Mob is a series developed from my interest in the machinations of history-making, drawing largely on found documentation and anecdote. Researched in Rockhampton public archives, the characters in the portrait photographs were all an inherent part of the goldmining boom that put Rockhampton on the map and fed the pockets of interstate industrialists. In Mob #26, the very different histories of two social groups (company trustees / mine workers children) are fused, slicing portraits into thin strips and weaving them into a single image, putting the invisible underclass into the picture by re-stitching the very fabric of history.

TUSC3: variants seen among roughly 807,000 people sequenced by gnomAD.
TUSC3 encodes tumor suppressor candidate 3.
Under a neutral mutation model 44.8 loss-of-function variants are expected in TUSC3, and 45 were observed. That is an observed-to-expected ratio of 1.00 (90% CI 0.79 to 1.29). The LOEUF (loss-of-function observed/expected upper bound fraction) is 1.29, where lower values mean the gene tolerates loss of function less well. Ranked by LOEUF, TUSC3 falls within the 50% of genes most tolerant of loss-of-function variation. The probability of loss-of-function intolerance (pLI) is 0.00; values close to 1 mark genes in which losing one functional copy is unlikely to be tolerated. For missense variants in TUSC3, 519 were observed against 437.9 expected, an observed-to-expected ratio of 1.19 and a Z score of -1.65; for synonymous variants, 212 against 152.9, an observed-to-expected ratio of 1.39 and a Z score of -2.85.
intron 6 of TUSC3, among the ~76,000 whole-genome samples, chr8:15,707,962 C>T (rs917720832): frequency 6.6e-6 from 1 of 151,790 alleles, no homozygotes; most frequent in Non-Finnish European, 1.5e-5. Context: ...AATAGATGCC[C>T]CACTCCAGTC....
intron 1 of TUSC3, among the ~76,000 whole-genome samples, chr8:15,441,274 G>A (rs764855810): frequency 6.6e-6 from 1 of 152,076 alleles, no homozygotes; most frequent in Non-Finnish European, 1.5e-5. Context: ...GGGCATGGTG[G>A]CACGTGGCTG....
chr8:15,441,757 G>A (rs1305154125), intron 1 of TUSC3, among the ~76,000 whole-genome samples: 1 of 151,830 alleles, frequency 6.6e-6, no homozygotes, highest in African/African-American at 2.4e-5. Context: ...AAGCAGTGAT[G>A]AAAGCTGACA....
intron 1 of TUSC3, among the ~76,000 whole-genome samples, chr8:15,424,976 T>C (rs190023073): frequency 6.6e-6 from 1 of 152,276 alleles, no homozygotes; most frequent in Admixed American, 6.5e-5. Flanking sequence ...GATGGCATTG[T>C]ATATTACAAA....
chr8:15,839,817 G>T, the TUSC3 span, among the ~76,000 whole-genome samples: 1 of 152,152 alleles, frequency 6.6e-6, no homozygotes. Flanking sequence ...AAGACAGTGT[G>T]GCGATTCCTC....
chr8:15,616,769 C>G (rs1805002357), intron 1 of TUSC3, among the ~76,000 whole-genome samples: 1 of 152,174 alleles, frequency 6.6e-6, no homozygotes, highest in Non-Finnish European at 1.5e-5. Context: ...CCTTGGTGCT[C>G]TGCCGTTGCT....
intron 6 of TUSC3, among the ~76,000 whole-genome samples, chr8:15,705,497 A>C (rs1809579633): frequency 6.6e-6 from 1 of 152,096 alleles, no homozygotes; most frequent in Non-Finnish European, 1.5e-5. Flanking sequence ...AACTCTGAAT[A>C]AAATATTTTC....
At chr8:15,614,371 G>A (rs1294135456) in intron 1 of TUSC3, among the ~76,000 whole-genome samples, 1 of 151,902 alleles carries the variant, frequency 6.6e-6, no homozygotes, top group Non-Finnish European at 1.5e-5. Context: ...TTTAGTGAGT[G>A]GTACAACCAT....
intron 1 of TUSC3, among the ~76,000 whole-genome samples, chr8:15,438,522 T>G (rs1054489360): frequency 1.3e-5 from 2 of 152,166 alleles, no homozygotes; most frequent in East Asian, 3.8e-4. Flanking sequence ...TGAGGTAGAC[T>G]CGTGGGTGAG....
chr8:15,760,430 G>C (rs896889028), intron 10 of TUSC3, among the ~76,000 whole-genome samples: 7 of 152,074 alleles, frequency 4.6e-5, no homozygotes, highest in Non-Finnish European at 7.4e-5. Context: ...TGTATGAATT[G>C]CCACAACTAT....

Tongue and Groove N.8 / 2009
Tongue and Groove # 8 is from a series that speculates on the effect the massive influx of American service men during the Second World War might have had on the dream life of townsfolk of Rockhampton. Did American culture dazzle these portrait subjects who present themselves as Hollywood stars? The images split into strips the width of ‘tongue and groove’ typical of Rockhampton’s timber architecture to metaphorically form a haunted house. The women’s names are lost but addresses legible on surviving negative packets were photographed many years later to form a predella at the base of the work evoking the passing of time.